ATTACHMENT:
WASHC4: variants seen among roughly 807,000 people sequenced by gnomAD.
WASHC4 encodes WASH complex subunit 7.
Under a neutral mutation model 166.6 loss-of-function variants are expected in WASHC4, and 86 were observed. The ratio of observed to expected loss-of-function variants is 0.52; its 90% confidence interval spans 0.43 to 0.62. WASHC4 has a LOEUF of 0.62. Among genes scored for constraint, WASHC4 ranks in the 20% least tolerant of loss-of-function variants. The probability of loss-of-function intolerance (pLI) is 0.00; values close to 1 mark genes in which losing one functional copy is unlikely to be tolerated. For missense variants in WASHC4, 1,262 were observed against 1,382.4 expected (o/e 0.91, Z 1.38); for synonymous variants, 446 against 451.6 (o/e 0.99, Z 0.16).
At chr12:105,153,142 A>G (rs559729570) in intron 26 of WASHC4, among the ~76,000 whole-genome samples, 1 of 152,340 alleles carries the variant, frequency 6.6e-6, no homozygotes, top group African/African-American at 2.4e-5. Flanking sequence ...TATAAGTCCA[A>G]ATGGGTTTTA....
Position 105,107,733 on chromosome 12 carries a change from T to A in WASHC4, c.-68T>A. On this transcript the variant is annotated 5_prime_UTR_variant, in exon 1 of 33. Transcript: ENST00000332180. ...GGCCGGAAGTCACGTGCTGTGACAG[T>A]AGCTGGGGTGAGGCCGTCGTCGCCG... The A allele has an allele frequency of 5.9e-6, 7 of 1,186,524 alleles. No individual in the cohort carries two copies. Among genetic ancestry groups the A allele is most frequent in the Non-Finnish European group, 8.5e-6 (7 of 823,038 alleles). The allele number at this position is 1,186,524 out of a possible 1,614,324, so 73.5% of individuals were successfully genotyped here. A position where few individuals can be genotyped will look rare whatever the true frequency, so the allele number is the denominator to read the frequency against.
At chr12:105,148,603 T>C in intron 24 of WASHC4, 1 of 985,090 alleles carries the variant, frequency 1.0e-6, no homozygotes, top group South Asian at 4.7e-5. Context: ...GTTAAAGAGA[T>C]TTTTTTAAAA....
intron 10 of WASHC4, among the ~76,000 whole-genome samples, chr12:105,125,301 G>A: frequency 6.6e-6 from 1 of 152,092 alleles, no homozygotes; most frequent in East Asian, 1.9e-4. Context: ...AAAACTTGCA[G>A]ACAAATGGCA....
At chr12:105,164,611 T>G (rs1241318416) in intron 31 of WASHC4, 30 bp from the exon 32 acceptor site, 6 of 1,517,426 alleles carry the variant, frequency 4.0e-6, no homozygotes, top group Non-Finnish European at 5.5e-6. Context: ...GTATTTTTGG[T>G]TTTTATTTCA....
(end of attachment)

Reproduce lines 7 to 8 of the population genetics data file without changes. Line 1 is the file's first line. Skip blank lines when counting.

intron 10 of WASHC4, among the ~76,000 whole-genome samples, chr12:105,125,301 G>A: frequency 6.6e-6 from 1 of 152,092 alleles, no homozygotes; most frequent in East Asian, 1.9e-4. Context: ...AAAACTTGCA[G>A]ACAAATGGCA....
At chr12:105,164,611 T>G (rs1241318416) in intron 31 of WASHC4, 30 bp from the exon 32 acceptor site, 6 of 1,517,426 alleles carry the variant, frequency 4.0e-6, no homozygotes, top group Non-Finnish European at 5.5e-6. Context: ...GTATTTTTGG[T>G]TTTTATTTCA....